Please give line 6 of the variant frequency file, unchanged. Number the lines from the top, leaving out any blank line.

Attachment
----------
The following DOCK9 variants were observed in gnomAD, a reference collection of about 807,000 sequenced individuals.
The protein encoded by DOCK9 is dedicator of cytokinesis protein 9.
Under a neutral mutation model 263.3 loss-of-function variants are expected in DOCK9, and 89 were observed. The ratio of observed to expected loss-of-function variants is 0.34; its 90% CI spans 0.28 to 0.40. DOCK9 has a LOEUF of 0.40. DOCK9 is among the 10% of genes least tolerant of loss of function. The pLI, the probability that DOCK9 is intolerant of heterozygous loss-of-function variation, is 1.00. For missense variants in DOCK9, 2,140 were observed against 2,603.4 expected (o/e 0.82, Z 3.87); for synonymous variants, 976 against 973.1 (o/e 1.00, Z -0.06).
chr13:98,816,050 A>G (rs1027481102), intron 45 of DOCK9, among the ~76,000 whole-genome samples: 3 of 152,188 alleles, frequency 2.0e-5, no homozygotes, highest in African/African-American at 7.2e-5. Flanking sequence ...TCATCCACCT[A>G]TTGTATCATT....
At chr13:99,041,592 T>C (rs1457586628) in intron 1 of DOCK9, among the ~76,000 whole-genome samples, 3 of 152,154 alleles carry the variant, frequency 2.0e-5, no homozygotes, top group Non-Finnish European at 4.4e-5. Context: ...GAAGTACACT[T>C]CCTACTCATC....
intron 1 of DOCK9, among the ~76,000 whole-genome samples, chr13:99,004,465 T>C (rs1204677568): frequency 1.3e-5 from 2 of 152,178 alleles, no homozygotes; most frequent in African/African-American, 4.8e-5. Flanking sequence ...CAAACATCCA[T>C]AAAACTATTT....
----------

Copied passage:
intron 1 of DOCK9, among the ~76,000 whole-genome samples, chr13:99,004,465 T>C (rs1204677568): frequency 1.3e-5 from 2 of 152,178 alleles, no homozygotes; most frequent in African/African-American, 4.8e-5. Flanking sequence ...CAAACATCCA[T>C]AAAACTATTT....